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By Citizen Reporter


How to stay cyber security savvy when you travel

From being careless about online bookings to disregarding cyber security best practices, people let their guard down when they travel.

Now that global travel is well on its way to resuming to some sense of normalcy, people are keener than ever to get back out there. A focus on the ability to travel again might distract from focusing on other areas like cyber security. However, travellers have been cautioned to think twice before posting that selfie with their passport and boarding pass within all the excitement.

Travelling poses a significant cyber risk to individuals, more than most people even think. 

From being careless about online bookings to disregarding cyber security best practices, travellers often have their guard down when they travel, leaving security concerns on the back burner – taking your vacations from blissful to stressful with the click of a button.

As a result, cyber security expert and GoldPhish CEO, Dan Thornton, shared best practices on how travellers can take to protect themselves from becoming targets of cybercrime.

Be smart about bookings

Planning your dream getaway can be expensive and with the internet filled with tempting deals and discounts, it can be easy to let your guard down. 

New Turkey visa requirements for South Africans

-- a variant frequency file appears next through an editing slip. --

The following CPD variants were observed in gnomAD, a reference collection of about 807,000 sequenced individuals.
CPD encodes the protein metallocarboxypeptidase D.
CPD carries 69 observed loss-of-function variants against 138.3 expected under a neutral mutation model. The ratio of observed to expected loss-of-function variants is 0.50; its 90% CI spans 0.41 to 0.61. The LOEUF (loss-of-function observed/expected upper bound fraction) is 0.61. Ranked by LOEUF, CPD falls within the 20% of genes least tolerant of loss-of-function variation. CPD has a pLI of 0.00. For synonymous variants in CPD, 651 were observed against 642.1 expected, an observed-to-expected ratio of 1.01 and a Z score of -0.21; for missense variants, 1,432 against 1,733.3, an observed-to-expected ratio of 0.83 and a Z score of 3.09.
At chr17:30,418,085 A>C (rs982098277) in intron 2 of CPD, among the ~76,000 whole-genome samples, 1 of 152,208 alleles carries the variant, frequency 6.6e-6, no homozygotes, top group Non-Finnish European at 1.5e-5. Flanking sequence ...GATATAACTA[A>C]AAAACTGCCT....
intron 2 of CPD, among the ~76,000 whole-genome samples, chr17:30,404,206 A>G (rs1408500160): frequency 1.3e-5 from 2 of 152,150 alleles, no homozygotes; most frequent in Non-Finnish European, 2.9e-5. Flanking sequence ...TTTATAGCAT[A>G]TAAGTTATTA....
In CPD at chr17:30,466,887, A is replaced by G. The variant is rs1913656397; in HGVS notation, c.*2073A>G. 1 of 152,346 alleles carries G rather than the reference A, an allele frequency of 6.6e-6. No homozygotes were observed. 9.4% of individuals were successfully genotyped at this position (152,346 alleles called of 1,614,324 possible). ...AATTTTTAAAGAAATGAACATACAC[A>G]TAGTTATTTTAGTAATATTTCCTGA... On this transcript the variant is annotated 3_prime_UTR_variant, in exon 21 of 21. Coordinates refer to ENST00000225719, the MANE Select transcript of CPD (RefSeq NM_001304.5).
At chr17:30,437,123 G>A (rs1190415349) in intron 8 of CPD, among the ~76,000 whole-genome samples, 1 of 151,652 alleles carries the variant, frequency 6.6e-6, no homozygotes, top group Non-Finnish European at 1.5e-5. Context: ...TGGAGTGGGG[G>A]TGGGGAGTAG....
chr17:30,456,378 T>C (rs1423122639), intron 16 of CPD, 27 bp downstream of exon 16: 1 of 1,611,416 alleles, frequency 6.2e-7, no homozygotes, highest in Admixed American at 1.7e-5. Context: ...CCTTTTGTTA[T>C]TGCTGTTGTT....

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“Fraudsters certainly know that you are tempted by the hotel, flight, and car rental discounts, and they will often pose as travel agents and create seemingly legitimate-looking third-party websites,” said Thornton.

Here are his tips for remaining cyber security savvy, while finding the perfect getaway:

  1. Avoid acting on travel discounts received via unsolicited emails.
  2. Double-check that you are on a legitimate website before handing over money.
  3. Beware of spelling, formatting, and other basic mistakes that could indicate a website is not legitimate business. 
  4. A site’s security level can be legitimised by looking for an ‘https’, but this is not always the case.
  5. Opt for credit card payments when booking online as they offer a layer of protection that debit cards and bank transfers do not.
  6. If a flight or hotel offer seems too good to be true, it’s probably a scam.

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On the move

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Our reliance on technology has become so fundamental in our everyday lives, whether we are scrolling through social media at an Airbnb or attending to emails in an airport, but there are dangers associated with public hotspots.

Here’s a few things to keep in mind to protect your devices and data from cyber security attacks while on the move.

  1. Open-access Wi-Fi networks are not secure, limit the use of public Wi-Fi. Make use of your personal hotspot unless you are using a VPN.
  2. Turn off location tracking and cut back on social networking check-ins.
  3. Minimise the use of data storage devices. When not in use, disconnect the storage device and store it in a safe location. Never pick up and use a found storage device. 
  4. Always know where your devices are, and keep your device locked with a password or pin lock when not in use – longer, more complex passwords are better.
  5. Shield logins and any confidential content on your devices from prying eyes. Use a laptop privacy screen to discourage shoulder surfing.
  6. Avoid video chats and private conversations while in public, especially business conversations.

Travelling and seeing the world is exciting. However, we need to stay vigilant and be cyber-savvy at all times.

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Compiled by Kaunda Selisho

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